Tag Archives: 1940s

The Right Sort of Man, by Allison Montclair

29 Jul
Cover for THE RIGHT SORT OF MAN; watercolor-type illustration; silhouette of a woman wearing a two-piece suit, period appropriate for 1940s, skirt below the knees. Background is a slightly blurry five-stories building

Spurred by this review by the lovely Kay, I finally read my ARC of this novel, the first title in the Sparks and Bainbridge series.

Reader beware: loss, trauma, mental health issues, alcoholism (mostly off page), and more threat of violence than actual violence. One of the protagonists is having an affair with a married man.

Continue reading

“Life is really a One Way street, isn’t it?” (At Bertram’s Hotel, Agatha Christie)

11 Feb

completemissmarpleThe title of this post is a line by Miss Jane Marple, that unforgettable prototype of the intelligent, interested, principled, elderly lady sleuth.

Several months ago, the Complete Miss Marple Collection (digital version) was on sale at amazon for a truly ridiculous price–something like $5.99. Being a fan of Dame Christie, I snapped it up (yes, I have all of them in print, and have for at least forty years, but many are in Spanish, and all of them are falling apart at the seams, from age and use).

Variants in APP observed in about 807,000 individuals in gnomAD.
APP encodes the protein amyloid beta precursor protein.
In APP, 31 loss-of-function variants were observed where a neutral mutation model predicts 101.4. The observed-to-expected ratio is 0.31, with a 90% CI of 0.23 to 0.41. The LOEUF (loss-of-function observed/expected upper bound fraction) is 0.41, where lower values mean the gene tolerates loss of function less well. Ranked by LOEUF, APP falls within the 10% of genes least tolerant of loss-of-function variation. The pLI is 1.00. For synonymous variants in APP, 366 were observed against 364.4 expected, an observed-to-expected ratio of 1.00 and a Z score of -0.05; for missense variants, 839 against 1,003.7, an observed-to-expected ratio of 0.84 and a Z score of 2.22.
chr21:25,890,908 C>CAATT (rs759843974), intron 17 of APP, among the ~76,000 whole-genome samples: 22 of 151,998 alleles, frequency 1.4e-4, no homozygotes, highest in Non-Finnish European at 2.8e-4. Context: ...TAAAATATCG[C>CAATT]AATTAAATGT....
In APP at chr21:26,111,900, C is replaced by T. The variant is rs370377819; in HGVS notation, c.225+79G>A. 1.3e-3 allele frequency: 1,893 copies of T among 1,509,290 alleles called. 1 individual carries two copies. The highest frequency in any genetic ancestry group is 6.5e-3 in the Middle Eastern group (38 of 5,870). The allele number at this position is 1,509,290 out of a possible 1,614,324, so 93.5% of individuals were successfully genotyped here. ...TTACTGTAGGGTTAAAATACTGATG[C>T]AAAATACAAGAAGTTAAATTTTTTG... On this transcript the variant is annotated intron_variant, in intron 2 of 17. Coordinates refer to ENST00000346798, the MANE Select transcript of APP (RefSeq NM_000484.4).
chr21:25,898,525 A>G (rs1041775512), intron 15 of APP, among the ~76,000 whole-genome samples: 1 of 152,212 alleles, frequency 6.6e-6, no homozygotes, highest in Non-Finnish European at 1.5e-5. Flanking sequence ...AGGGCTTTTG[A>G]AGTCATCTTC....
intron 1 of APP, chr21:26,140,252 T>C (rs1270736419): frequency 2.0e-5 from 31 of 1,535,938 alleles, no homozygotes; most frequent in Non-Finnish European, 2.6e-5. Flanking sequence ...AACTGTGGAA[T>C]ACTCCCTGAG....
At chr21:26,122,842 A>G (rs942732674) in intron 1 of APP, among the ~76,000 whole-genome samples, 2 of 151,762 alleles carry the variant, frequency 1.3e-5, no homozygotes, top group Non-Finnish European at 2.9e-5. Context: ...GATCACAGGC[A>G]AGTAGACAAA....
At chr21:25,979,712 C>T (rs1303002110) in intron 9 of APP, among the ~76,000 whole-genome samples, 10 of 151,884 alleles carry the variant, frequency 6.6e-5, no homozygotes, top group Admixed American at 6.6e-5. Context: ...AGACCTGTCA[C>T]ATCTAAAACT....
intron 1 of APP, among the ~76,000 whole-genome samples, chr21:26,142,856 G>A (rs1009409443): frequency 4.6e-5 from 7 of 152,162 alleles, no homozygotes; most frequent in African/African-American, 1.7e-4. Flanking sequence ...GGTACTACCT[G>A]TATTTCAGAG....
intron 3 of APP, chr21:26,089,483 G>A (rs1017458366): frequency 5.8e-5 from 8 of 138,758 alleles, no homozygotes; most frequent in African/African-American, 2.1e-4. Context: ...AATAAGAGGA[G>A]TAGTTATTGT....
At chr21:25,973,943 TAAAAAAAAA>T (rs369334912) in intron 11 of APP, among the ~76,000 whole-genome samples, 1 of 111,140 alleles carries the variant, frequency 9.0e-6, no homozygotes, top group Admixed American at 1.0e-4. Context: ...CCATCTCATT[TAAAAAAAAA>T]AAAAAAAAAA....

With one thing and another, I’ve been reading snippets here and there, until a few weeks ago. Feeling a bit sick, I finally fell into one of the stories.

Yay!….?

Well…

Not so much.

See, things that I barely noticed before, or that I was able to shrug off when I did notice, now bother me a great deal, making it difficult for me to fully enjoy these stories that, for so long, were among my favorite reading.

Allow me to explain.

Continue reading